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Barry Bonds, Bill Clinton remember Willie Mays at celebration of life

San Francisco Giants great Willie Mays died last month from heart failure. File Photo by Terry Schmitt/UPI
1 of 5 | San Francisco Giants great Willie Mays died last month from heart failure. File Photo by Terry Schmitt/UPI | License Photo

July 9 (UPI) -- Barry Bonds and former President Bill Clinton were among several speakers at a celebration of life for the late Willie Mays, honoring the baseball icon with words of affection from the field at Oracle Park in San Francisco..

Hall of Famers Reggie Jackson, Joe Torre, Rickey Henderson and Dennis Eckersley were among those assembled. Former President Barack Obama remembered Mays through a video message played for the thousands who attended.

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"As I've contemplated on what I'd say, without crying, about my godfather tonight, there were only two words I could think of," Bonds said. "It was the same two words I've thought about my father. It was: Thank you, Willie.

"Willie, 55 years ago, you put your arms around a 5-year-old boy and said, 'Hey kid, you're coming with me.' And I knew at that moment what I wanted to be. That was a professional baseball player, like my father and Willie."

Mays died last month from heart failure. He was 93.

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"Willie Mays gave me the chance to realize what real greatness is," Clinton said.

"It's a curious combination of intelligence, dedication, the will to win and a fundamental humility to believe that the effort is the prize -- a gift he leaves us all with and that I hope we can all share and cherish for the rest of our lives."

Obama, who presented Mays with the Presidential Medal of Freedom in 2015, praised the baseball legend for using his popularity to "change racial attitudes in a way that political speeches alone never could."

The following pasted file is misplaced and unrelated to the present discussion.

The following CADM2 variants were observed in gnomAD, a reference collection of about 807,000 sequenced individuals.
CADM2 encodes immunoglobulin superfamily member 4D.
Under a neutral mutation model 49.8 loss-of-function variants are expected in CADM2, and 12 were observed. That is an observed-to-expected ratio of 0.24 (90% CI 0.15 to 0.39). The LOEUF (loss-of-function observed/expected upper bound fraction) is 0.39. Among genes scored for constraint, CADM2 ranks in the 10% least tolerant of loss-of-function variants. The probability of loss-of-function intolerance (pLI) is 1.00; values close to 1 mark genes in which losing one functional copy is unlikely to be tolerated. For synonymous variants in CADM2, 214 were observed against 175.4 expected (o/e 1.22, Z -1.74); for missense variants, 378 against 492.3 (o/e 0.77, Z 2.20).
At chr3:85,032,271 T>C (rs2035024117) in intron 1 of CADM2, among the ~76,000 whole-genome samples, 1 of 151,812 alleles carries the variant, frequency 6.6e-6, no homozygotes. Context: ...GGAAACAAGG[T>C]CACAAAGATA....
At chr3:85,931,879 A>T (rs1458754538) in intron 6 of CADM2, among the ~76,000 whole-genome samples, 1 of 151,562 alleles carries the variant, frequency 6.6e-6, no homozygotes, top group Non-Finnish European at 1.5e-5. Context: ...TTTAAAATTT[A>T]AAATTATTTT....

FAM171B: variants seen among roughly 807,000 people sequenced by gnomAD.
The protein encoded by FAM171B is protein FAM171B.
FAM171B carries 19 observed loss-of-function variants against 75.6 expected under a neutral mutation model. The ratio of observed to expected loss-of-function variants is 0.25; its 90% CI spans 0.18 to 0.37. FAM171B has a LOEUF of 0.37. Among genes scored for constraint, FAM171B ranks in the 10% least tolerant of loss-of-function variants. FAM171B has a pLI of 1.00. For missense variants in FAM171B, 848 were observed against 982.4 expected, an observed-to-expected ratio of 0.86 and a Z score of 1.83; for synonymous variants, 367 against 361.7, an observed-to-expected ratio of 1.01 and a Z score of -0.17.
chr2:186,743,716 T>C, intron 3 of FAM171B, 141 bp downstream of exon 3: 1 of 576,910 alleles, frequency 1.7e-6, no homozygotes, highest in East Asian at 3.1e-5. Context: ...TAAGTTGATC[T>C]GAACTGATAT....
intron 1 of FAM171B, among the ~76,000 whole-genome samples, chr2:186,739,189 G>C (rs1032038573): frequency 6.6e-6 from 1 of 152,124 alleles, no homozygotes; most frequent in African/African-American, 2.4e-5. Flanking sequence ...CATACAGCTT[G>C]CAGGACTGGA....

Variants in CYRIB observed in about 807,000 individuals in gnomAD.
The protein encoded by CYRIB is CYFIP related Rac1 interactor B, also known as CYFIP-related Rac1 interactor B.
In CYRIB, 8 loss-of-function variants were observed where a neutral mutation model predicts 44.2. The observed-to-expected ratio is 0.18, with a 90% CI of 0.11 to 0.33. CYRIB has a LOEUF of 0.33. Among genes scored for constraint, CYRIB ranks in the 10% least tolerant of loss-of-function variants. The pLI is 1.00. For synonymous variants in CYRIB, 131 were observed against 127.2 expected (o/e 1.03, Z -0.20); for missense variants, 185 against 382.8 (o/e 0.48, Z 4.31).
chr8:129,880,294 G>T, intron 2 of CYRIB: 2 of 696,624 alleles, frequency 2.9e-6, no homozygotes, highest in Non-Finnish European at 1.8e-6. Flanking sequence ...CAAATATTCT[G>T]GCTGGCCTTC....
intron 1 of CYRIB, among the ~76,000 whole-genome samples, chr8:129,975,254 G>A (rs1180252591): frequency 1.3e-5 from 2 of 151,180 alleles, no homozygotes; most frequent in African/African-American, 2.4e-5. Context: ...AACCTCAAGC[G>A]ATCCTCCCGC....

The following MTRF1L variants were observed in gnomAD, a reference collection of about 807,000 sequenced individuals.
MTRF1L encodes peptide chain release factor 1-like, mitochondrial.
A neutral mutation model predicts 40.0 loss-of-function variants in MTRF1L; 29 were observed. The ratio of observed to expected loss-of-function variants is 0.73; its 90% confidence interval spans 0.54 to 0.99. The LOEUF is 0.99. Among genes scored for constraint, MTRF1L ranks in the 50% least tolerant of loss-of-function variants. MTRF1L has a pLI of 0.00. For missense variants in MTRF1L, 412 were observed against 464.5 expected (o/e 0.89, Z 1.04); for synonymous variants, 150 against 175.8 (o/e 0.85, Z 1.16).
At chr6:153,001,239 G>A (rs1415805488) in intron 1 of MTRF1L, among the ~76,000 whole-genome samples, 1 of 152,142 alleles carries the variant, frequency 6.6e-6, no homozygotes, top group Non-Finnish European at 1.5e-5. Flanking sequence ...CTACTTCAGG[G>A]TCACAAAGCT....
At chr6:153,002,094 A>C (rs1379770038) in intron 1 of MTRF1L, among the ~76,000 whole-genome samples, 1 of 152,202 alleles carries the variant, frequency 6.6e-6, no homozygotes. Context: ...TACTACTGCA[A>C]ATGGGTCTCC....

He said an argument could be made that Mays, who also played in the Negro Leagues, is the "greatest baseball player who ever lived."

"It made people re-examine how they viewed their fellow citizens and the imperative of true equality and helped pave the way for the civil rights revolution that would move us toward a more perfect union," Obama said. "Not many athletes can claim that kind of impact.

"In a very real sense, Willie Mays' career was one of the foundation stones that ultimately allowed someone like me to even consider running for president of the United States."

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MLB commissioner Rob Manfred, baseball legends Juan Marichal and Felipe Alou and former managers Dusty Baker and Joey Amalfitano and Mays' son, Michael Mays, also spoke at the ceremony in San Francisco.

"Willie Mays played in a transformative time in baseball," Manfred said. "He was 16 when Jackie Robinson broke the color barrier. He was 17 when he debuted in the Negro Leagues.

"He was just 20 when he arrived in the major leagues in 1951. Willie's remarkable ability and his love of the game took New York, and eventually the country, by storm."

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Comedian and actor Bob Newhart attends the Creative Arts Emmy Awards in Los Angeles on September 10, 2016. Newhart, a comedy icon who starred on "The Bob Newhart Show" and "Newhart," died at the age of 94 on July 18. Photo by Jim Ruymen/UPI | License Photo

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